The Internet’s Endless War to Seize the Memes of Production

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By Ian Miles Cheong | 4:26 pm, May 1, 2017

In the wake of Donald Trump’s ascension to the highest office in the land, journalists have sought answers for his popularity. Aside from the influence of “fake news,” the betrayal of white women towards the mythical sisterhood (because all women think alike, don’t you know?), and the “ignorance” of the conservative voting bloc, one particular group of politically-active millennial voters is brought up time and time again as a prime reason for Trump’s win at the polls: the anime-loving denizens of 4chan.

Hillary vs Memes

Writing for New York Magazine, former Gawker chief Max Read attempts to deconstruct the labyrinthian memeverse that is now the Internet—a social environment riddled with inside jokes and postmodernist hot takes. Referencing 4chan, Read argues that the Internet is now a message board because the “self-proclaimed losers and freaks of 4chan and its ilk had come to great political prominence” upon Trump’s election. After all, he argues, Hillary Clinton waged war against a cartoon frog.

To credit memes for so much of Trump’s success, however, is to bestow power upon the very memes that the progressive left battles daily. Fighting against memes, which are viral by nature, is to infect your audience with an awareness of their existence, which in turn grants them even more power. Were it not for the constant outrage against Pepe the Frog, the “OK” sign as a “white supremacist gesture,” and numerous other spawn of Reddit, Twitter and 4chan, these symbols would hold no meaning outside the bubbles in which they were formed.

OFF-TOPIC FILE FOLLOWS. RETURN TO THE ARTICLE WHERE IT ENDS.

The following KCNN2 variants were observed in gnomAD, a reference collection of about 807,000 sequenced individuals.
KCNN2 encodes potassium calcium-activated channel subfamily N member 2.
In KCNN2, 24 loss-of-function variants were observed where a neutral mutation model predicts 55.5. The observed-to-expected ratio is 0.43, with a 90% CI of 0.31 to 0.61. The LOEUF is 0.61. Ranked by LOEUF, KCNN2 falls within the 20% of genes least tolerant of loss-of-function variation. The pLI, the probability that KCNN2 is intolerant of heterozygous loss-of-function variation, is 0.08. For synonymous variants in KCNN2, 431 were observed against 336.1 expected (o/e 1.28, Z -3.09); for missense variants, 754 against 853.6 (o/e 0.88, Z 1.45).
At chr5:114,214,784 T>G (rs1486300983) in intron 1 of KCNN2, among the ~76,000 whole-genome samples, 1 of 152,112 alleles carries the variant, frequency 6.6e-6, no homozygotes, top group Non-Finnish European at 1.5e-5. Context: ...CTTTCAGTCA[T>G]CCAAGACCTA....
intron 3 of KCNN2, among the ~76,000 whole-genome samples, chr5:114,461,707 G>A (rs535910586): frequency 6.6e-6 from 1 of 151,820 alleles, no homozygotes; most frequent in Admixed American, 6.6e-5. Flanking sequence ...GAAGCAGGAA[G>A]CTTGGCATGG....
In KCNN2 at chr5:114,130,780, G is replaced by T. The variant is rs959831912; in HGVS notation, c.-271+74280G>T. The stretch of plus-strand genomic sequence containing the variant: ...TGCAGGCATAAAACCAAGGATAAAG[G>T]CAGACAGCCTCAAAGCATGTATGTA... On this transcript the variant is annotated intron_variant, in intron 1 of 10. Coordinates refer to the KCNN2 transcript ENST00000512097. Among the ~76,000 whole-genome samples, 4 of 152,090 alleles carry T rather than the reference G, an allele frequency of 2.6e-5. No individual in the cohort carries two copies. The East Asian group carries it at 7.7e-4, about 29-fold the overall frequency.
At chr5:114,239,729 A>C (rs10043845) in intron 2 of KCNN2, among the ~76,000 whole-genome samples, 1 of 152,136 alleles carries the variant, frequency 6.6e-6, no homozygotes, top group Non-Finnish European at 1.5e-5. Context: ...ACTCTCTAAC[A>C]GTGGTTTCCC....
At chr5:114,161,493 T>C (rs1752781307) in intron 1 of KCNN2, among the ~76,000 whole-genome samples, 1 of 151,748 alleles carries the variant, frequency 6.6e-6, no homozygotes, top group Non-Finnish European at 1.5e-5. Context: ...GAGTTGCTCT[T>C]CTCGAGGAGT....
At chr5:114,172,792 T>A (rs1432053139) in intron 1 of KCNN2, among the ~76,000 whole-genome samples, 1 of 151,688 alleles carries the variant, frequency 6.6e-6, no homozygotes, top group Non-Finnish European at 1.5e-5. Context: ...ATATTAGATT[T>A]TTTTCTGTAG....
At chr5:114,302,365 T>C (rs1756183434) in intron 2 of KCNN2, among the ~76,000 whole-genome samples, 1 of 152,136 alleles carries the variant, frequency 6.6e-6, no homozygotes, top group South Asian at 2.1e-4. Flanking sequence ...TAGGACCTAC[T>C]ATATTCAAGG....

Read argues that the victory of memes over the masses was “almost a thrilling underdog story” if not for the fact that they are “anti-Enlightenment, anti-democratic, anti-equality politics,” a claim that exudes not only arrogance, but false authority. It’s no wonder so many people feel disenfranchised by the left.


To reject spurious claims about how babies are racist and how gender changes from day to day isn’t “anti-Enlightenment,” it’s just common sense. And even if common sense doesn’t hold up, the claims themselves need to be scientifically proven, and not taken as articles of faith.


It’s rich to condemn anyone who doesn’t agree with the views of leftist progressives as “anti-democratic” when speakers like Ann Coulter and Jordan Peterson are being denied their right to free speech by violent Antifa protesters. The ACLU has even condemned the actions of radical leftists as a “heckler’s veto.”

Anti-equality politics

A nicer word for identity politics, which calls for the banning of American-influenced fusion cuisine on grounds of “cultural appropriation.” Culture warriors even forced the resignation of Yale’s Silliman College head Nicholas Christakis and lecturer Erika Christakis for defending Halloween costumes. Given that this is what “equality politics” consists of, it’s not surprising that most people want no part of it.

A meme combining Pepe and Bane

Read argues that the politics of “alt-right” message boards couldn’t have existed without technology, and bemoans how inexpensive it has become for anyone hooked up to the Internet to express their views and share them with the world.